In a similar vein, I've wondered why the 5 cords of sensual pleasure is not 6 cords, with mind and thoughts as the 6th. Because clearly there are beings who feed off of and are addicted to completely mentally created abstract theories and ideas, not having anything to do with the 5 senses. But this doesn't mean I should use an Abhdhamma mentality to try to explain every type of addictive pleasure and redefine body and eye so that it includes the mind.

If we don't stick to basic meaning of words, the suttas are totally ambiguous and one can force any interpretation one wants into it. That's not the buddha's style.

Dhammanando wrote: Wed Apr 14, 2021 12:05 pm
frank k wrote: Tue Apr 13, 2021 4:38 pm And where is the sutta basis for that?
Kaya, especially when contrasted in a passage against mano, citta, cetasika, nama, etc., in the suttas always means kaya is the physical body that can experience physical pain.
The simile should give you a pretty good idea too.
You're getting shot by a physical rupa kaya arrow that causes rupa kaya based pain.
The scope of what's comprehended under the first arrow cannot be limited to kāyasamphassajā vedanā alone, for feelings of this type are only sukha or dukkha, yet the sutta's account of the first arrow speaks also of adukkhamasukhā vedanā. This suggests that the said feelings may also be cakkhusamphassajā, sotasamphassajā, ghānasamphassajā or jivhāsamphassajā (which are always neutral), and manosamphassajā, which may be somanassa, domanassa or neutral.
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Re: Sallatha Sutta SN 36.6 - The Arrow (or dart, thorn)

Post by sphairos »

frank k wrote: Wed Apr 14, 2021 3:46 pm In a similar vein, I've wondered why the 5 cords of sensual pleasure is not 6 cords, with mind and thoughts as the 6th.
I am also interested in that.
Because clearly there are beings who feed off of and are addicted to completely mentally created abstract theories and ideas, not having anything to do with the 5 senses.
It's me.
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Re: Sallatha Sutta SN 36.6 - The Arrow (or dart, thorn)

Post by Ceisiwr »

frank k wrote: Wed Apr 14, 2021 3:46 pm But the Buddha isn't trying to make a comprehensive explanation of all the types of extraneous (unnecessary) suffering that can follow the arrow of the initial suffering.
He's just using the clearest example to show that mental suffering added to physical is completely extraneous
Not that you have shown. A strength of the other interpretation is that it accounts for any painful mental dhammas the Buddha or Arahants would have/do experienced/experience. A purely physical reading lacks that explanatory power, thus being rather unsatisfactory.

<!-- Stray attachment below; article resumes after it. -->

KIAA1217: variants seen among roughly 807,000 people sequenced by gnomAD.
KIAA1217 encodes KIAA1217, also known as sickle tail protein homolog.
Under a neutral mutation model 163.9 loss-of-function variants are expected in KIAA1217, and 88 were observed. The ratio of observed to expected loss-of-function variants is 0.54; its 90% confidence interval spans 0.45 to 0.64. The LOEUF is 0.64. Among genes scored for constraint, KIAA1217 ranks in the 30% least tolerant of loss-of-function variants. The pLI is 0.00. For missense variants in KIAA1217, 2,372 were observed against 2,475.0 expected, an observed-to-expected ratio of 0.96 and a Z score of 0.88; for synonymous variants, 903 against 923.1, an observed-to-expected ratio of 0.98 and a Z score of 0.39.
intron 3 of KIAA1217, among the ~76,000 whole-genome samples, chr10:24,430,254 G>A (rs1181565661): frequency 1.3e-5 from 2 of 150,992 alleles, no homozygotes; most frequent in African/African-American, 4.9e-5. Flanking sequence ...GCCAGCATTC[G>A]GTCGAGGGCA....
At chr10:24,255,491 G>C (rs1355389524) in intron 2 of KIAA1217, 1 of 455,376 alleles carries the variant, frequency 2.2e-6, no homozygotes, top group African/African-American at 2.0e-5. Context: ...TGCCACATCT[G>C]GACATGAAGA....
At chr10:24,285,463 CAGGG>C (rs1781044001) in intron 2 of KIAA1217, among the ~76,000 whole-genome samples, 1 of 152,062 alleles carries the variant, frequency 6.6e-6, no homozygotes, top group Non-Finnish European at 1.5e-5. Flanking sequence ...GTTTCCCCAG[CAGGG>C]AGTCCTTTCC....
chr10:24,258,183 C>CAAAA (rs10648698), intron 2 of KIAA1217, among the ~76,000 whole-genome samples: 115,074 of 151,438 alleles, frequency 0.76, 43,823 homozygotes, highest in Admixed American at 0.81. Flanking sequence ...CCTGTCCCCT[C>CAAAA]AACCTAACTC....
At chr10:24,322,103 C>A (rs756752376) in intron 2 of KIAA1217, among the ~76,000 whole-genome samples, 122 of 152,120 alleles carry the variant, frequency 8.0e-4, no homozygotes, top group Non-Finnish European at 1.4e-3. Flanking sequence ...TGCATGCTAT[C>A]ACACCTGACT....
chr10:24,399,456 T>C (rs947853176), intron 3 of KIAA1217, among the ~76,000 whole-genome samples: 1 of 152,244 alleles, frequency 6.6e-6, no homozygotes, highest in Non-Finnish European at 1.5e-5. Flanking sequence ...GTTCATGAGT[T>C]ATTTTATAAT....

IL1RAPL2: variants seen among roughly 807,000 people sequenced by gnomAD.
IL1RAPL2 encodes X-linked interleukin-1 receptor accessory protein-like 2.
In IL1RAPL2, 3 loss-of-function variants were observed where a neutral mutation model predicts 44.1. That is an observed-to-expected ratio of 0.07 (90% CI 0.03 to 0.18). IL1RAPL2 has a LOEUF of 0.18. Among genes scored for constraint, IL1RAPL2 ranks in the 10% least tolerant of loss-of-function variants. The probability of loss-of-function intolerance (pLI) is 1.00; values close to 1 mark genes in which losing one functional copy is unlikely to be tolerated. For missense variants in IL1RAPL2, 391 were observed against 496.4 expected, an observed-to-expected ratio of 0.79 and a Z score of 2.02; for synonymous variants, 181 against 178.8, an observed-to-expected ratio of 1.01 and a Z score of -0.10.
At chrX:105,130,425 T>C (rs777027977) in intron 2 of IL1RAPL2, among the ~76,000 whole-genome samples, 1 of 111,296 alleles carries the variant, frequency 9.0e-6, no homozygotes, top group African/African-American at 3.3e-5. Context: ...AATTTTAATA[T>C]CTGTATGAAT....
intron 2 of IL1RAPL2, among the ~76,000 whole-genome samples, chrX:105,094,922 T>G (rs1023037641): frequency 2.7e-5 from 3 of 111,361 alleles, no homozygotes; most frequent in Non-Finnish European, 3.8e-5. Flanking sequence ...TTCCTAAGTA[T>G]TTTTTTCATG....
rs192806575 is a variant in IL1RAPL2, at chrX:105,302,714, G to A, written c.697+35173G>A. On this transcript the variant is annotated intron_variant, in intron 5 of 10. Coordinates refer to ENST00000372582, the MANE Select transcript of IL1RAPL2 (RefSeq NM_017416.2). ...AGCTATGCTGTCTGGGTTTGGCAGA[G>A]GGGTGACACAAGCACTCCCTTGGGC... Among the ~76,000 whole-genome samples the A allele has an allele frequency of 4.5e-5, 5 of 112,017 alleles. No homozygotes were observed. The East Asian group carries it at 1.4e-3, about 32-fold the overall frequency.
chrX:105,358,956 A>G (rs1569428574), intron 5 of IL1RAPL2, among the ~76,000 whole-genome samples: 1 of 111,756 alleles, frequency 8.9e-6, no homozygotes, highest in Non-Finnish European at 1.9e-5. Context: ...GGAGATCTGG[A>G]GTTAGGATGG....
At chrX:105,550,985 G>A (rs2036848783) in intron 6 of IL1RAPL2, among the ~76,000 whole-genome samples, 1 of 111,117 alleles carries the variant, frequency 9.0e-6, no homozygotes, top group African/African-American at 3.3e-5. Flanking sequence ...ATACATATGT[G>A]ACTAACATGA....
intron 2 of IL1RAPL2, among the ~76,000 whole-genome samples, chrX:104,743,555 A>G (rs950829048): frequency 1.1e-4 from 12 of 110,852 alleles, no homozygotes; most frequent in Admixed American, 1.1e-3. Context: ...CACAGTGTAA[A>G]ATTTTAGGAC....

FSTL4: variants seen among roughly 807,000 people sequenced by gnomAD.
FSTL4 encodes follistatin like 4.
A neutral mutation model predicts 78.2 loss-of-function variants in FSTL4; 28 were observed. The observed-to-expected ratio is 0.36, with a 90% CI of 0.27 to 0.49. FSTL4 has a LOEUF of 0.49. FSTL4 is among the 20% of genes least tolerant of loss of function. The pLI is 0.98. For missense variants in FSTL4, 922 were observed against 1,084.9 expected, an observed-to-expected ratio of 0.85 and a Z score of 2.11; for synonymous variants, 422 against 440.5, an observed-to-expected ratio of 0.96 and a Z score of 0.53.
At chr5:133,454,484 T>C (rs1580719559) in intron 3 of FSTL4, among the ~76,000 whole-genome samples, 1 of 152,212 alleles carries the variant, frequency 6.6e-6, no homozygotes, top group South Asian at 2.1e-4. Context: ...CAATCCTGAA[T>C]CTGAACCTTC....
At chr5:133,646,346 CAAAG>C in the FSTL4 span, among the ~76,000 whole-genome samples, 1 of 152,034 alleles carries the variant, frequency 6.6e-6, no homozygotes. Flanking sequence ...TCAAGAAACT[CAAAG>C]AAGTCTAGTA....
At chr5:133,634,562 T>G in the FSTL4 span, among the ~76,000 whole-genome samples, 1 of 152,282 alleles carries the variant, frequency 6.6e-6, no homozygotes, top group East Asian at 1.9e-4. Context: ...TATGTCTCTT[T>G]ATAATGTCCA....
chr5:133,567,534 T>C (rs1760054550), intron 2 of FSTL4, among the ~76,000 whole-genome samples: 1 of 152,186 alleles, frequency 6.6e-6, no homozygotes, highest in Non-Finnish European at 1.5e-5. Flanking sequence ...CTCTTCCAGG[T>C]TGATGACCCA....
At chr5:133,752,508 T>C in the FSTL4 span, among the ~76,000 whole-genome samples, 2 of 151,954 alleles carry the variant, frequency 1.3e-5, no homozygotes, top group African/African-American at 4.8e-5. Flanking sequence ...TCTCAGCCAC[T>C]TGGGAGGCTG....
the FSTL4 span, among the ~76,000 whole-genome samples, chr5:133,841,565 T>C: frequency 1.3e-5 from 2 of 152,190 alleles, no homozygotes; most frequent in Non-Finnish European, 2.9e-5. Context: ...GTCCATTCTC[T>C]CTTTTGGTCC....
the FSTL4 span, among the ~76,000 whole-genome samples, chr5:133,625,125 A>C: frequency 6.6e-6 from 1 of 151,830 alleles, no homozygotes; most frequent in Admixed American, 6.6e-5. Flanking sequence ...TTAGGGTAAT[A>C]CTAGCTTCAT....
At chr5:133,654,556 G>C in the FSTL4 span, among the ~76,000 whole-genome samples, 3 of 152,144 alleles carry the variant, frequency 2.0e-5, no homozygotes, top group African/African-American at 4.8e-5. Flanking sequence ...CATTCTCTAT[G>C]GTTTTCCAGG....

In a similar vein, I've wondered why the 5 cords of sensual pleasure is not 6 cords, with mind and thoughts as the 6th. Because clearly there are beings who feed off of and are addicted to completely mentally created abstract theories and ideas, not having anything to do with the 5 senses. But this doesn't mean I should use an Abhdhamma mentality to try to explain every type of addictive pleasure and redefine body and eye so that it includes the mind.
Views, spun via induction or the synthetic a priori, are a fetter but the 5 chords are a specific teaching given to monks and nuns relating to how to enter Jhana.
If we don't stick to basic meaning of words, the suttas are totally ambiguous and one can force any interpretation one wants into it. That's not the buddha's style.
Sounds circular. We also know that “kaya” can mean a range of different things depending on the context. A simple reading would be, well, simple.
“When serenity is developed, what purpose does it serve? The mind is developed. And when the mind is developed, what purpose does it serve? Lust is abandoned.”

“When insight is developed, what purpose does it serve? Wisdom is developed. And when wisdom is developed, what purpose does it serve? Ignorance is abandoned."


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Re: Sallatha Sutta SN 36.6 - The Arrow (or dart, thorn)

Post by chownah »

frank k wrote: Wed Apr 14, 2021 3:46 pm But the Buddha isn't trying to make a comprehensive explanation of all the types of extraneous (unnecessary) suffering that can follow the arrow of the initial suffering.
He's just using the clearest example to show that mental suffering added to physical is completely extraneous.
I like what you are saying here but I think that it should be extended to say that the Buddha isn't trying to make a comprehensive explanation of all the types of extraneous (unnecessary) suffering that can follow the arrow of the initial suffering nor is the buddha giving a comprehensive presentation of all the ways that the arrow of the initial suffering can occur.

Simply put, the buddha is not trying to absolutely and completely nail down all possible instance of initial suffering nor that of the following suffering......the buddha is teaching a kind of process which can happan and he presents a scenario which clearly demonstrates the process he is teaching (in my view). Simply put, the arising of suffering can spawn the arising of further suffering....you can call this "proliferation" of suffering. I think that for some people the take away from this teaching is that one should watch out for this dynamic so that you don't create more suffering than what is necessary.....I think that other people might see this as a lesson in not-self which is probably very much more valuable of a lesson then stopping the proliferation of suffering in particular instances in that it leads one to the end of suffering in general.